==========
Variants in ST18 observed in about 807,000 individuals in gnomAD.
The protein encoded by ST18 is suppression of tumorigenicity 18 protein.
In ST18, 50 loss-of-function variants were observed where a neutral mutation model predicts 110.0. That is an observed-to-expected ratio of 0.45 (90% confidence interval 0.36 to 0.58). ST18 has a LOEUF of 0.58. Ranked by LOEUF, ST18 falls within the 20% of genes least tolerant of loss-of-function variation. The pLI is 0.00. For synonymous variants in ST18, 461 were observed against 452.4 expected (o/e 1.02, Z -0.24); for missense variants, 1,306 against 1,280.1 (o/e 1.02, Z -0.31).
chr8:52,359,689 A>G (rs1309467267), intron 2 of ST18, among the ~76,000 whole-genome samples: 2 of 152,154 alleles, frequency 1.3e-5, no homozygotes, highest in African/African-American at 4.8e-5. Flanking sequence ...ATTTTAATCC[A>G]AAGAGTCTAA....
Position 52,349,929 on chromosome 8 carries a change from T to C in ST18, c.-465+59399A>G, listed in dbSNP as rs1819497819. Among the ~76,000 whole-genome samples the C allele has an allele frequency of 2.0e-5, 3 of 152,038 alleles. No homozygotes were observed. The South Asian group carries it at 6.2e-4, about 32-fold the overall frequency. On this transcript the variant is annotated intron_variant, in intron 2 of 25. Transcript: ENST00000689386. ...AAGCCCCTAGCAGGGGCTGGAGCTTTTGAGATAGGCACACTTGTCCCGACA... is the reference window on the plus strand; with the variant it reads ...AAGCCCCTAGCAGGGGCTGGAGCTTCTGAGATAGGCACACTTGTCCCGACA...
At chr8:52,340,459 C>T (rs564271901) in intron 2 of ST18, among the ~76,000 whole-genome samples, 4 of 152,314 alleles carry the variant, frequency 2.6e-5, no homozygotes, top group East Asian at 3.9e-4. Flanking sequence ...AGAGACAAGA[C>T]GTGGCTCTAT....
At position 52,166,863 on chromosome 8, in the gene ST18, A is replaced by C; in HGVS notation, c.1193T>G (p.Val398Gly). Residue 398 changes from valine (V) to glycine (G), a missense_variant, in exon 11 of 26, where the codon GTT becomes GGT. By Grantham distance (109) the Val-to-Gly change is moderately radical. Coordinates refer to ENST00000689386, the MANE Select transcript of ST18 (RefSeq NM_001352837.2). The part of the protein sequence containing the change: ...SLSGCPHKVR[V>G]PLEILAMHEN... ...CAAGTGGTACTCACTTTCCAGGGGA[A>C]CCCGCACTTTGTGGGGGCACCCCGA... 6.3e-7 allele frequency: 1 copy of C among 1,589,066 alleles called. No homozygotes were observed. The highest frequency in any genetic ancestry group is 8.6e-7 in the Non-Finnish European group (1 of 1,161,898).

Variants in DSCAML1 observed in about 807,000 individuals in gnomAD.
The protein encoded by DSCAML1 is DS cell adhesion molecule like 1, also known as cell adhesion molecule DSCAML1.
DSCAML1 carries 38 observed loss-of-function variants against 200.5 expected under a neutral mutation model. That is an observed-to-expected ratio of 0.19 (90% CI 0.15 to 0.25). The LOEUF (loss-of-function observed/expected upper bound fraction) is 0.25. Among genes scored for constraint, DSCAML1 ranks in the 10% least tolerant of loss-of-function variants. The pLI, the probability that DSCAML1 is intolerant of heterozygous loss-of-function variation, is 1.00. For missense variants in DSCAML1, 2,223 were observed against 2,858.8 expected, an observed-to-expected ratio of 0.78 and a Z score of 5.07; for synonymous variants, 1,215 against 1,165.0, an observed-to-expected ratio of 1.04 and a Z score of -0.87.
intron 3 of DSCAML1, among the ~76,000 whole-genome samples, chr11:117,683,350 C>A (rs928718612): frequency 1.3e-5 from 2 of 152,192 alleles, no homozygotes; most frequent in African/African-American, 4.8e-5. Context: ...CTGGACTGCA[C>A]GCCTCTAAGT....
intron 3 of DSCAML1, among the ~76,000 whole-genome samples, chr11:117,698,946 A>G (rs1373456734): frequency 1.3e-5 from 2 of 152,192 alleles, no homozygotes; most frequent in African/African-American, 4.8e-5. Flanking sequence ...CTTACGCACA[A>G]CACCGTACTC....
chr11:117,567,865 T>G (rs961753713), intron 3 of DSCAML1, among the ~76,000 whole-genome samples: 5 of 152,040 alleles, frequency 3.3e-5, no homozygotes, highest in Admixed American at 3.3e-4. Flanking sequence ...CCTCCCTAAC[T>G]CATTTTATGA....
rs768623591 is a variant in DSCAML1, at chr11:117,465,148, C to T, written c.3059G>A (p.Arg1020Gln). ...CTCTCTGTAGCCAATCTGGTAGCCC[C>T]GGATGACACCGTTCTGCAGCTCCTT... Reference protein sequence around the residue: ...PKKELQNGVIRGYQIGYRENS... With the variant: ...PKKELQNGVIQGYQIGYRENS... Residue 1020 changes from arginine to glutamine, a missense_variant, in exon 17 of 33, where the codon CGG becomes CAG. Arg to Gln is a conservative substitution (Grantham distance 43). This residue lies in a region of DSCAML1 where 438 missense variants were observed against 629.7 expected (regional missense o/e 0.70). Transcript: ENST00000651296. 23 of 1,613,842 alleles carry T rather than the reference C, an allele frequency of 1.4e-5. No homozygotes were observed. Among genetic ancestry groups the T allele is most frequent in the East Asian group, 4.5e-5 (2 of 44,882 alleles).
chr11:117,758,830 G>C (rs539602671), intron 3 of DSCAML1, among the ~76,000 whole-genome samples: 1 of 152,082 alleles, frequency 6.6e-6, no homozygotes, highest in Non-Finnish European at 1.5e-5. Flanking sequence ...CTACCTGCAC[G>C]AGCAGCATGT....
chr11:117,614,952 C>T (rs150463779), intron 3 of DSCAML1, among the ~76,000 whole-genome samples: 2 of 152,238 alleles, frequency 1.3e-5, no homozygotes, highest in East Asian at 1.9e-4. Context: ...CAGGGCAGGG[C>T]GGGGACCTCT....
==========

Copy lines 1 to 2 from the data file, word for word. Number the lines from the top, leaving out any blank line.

Variants in ST18 observed in about 807,000 individuals in gnomAD.
The protein encoded by ST18 is suppression of tumorigenicity 18 protein.